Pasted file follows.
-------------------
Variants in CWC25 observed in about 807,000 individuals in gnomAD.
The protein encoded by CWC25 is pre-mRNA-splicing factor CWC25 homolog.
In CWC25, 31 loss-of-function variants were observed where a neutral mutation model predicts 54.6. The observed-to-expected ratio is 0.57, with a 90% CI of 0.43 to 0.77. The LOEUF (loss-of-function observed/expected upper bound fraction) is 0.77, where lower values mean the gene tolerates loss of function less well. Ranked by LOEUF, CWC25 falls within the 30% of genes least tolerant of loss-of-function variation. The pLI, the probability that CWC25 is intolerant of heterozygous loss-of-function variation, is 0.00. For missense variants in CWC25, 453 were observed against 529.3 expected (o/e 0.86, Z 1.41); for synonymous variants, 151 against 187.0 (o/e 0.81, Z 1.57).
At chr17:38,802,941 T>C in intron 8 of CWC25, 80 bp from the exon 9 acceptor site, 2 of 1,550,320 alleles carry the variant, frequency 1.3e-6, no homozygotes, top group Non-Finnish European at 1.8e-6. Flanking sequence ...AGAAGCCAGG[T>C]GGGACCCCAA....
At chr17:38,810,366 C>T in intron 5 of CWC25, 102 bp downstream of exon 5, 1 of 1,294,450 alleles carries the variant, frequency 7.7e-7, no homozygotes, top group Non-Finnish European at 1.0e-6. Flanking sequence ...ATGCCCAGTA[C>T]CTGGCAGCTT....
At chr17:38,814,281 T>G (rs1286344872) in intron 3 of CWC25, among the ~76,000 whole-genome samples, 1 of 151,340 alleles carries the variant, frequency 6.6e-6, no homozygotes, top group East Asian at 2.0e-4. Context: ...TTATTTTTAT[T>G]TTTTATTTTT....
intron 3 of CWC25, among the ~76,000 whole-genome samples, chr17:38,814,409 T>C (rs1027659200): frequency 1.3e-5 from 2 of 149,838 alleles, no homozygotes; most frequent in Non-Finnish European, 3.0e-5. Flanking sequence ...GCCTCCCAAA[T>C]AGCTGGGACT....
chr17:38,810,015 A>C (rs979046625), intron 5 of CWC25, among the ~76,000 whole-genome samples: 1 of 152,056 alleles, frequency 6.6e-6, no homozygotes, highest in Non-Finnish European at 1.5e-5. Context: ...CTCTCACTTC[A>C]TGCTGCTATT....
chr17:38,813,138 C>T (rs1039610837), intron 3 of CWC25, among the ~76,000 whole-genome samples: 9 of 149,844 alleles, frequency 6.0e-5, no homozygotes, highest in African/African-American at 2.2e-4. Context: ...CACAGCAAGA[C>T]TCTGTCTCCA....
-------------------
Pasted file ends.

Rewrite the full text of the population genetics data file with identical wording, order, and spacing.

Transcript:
Variants in CWC25 observed in about 807,000 individuals in gnomAD.
The protein encoded by CWC25 is pre-mRNA-splicing factor CWC25 homolog.
In CWC25, 31 loss-of-function variants were observed where a neutral mutation model predicts 54.6. The observed-to-expected ratio is 0.57, with a 90% CI of 0.43 to 0.77. The LOEUF (loss-of-function observed/expected upper bound fraction) is 0.77, where lower values mean the gene tolerates loss of function less well. Ranked by LOEUF, CWC25 falls within the 30% of genes least tolerant of loss-of-function variation. The pLI, the probability that CWC25 is intolerant of heterozygous loss-of-function variation, is 0.00. For missense variants in CWC25, 453 were observed against 529.3 expected (o/e 0.86, Z 1.41); for synonymous variants, 151 against 187.0 (o/e 0.81, Z 1.57).
At chr17:38,802,941 T>C in intron 8 of CWC25, 80 bp from the exon 9 acceptor site, 2 of 1,550,320 alleles carry the variant, frequency 1.3e-6, no homozygotes, top group Non-Finnish European at 1.8e-6. Flanking sequence ...AGAAGCCAGG[T>C]GGGACCCCAA....
At chr17:38,810,366 C>T in intron 5 of CWC25, 102 bp downstream of exon 5, 1 of 1,294,450 alleles carries the variant, frequency 7.7e-7, no homozygotes, top group Non-Finnish European at 1.0e-6. Flanking sequence ...ATGCCCAGTA[C>T]CTGGCAGCTT....
At chr17:38,814,281 T>G (rs1286344872) in intron 3 of CWC25, among the ~76,000 whole-genome samples, 1 of 151,340 alleles carries the variant, frequency 6.6e-6, no homozygotes, top group East Asian at 2.0e-4. Context: ...TTATTTTTAT[T>G]TTTTATTTTT....
intron 3 of CWC25, among the ~76,000 whole-genome samples, chr17:38,814,409 T>C (rs1027659200): frequency 1.3e-5 from 2 of 149,838 alleles, no homozygotes; most frequent in Non-Finnish European, 3.0e-5. Flanking sequence ...GCCTCCCAAA[T>C]AGCTGGGACT....
chr17:38,810,015 A>C (rs979046625), intron 5 of CWC25, among the ~76,000 whole-genome samples: 1 of 152,056 alleles, frequency 6.6e-6, no homozygotes, highest in Non-Finnish European at 1.5e-5. Context: ...CTCTCACTTC[A>C]TGCTGCTATT....
chr17:38,813,138 C>T (rs1039610837), intron 3 of CWC25, among the ~76,000 whole-genome samples: 9 of 149,844 alleles, frequency 6.0e-5, no homozygotes, highest in African/African-American at 2.2e-4. Context: ...CACAGCAAGA[C>T]TCTGTCTCCA....